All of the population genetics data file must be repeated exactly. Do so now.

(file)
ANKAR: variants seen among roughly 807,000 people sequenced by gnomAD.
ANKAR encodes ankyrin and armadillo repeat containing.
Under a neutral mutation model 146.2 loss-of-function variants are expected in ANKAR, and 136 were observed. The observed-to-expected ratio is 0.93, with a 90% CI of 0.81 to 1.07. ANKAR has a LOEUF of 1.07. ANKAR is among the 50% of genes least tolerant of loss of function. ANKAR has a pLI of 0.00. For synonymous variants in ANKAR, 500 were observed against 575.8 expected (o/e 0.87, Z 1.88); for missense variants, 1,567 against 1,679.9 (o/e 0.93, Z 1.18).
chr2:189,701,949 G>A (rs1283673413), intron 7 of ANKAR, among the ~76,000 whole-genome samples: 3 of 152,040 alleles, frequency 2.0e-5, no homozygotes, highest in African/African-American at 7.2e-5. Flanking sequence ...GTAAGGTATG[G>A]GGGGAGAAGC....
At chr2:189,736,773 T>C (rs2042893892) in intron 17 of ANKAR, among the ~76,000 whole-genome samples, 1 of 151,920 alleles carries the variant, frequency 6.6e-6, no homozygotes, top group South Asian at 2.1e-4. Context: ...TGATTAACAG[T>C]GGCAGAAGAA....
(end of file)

ANKAR: variants seen among roughly 807,000 people sequenced by gnomAD.
ANKAR encodes ankyrin and armadillo repeat containing.
Under a neutral mutation model 146.2 loss-of-function variants are expected in ANKAR, and 136 were observed. The observed-to-expected ratio is 0.93, with a 90% CI of 0.81 to 1.07. ANKAR has a LOEUF of 1.07. ANKAR is among the 50% of genes least tolerant of loss of function. ANKAR has a pLI of 0.00. For synonymous variants in ANKAR, 500 were observed against 575.8 expected (o/e 0.87, Z 1.88); for missense variants, 1,567 against 1,679.9 (o/e 0.93, Z 1.18).
chr2:189,701,949 G>A (rs1283673413), intron 7 of ANKAR, among the ~76,000 whole-genome samples: 3 of 152,040 alleles, frequency 2.0e-5, no homozygotes, highest in African/African-American at 7.2e-5. Flanking sequence ...GTAAGGTATG[G>A]GGGGAGAAGC....
At chr2:189,736,773 T>C (rs2042893892) in intron 17 of ANKAR, among the ~76,000 whole-genome samples, 1 of 151,920 alleles carries the variant, frequency 6.6e-6, no homozygotes, top group South Asian at 2.1e-4. Context: ...TGATTAACAG[T>C]GGCAGAAGAA....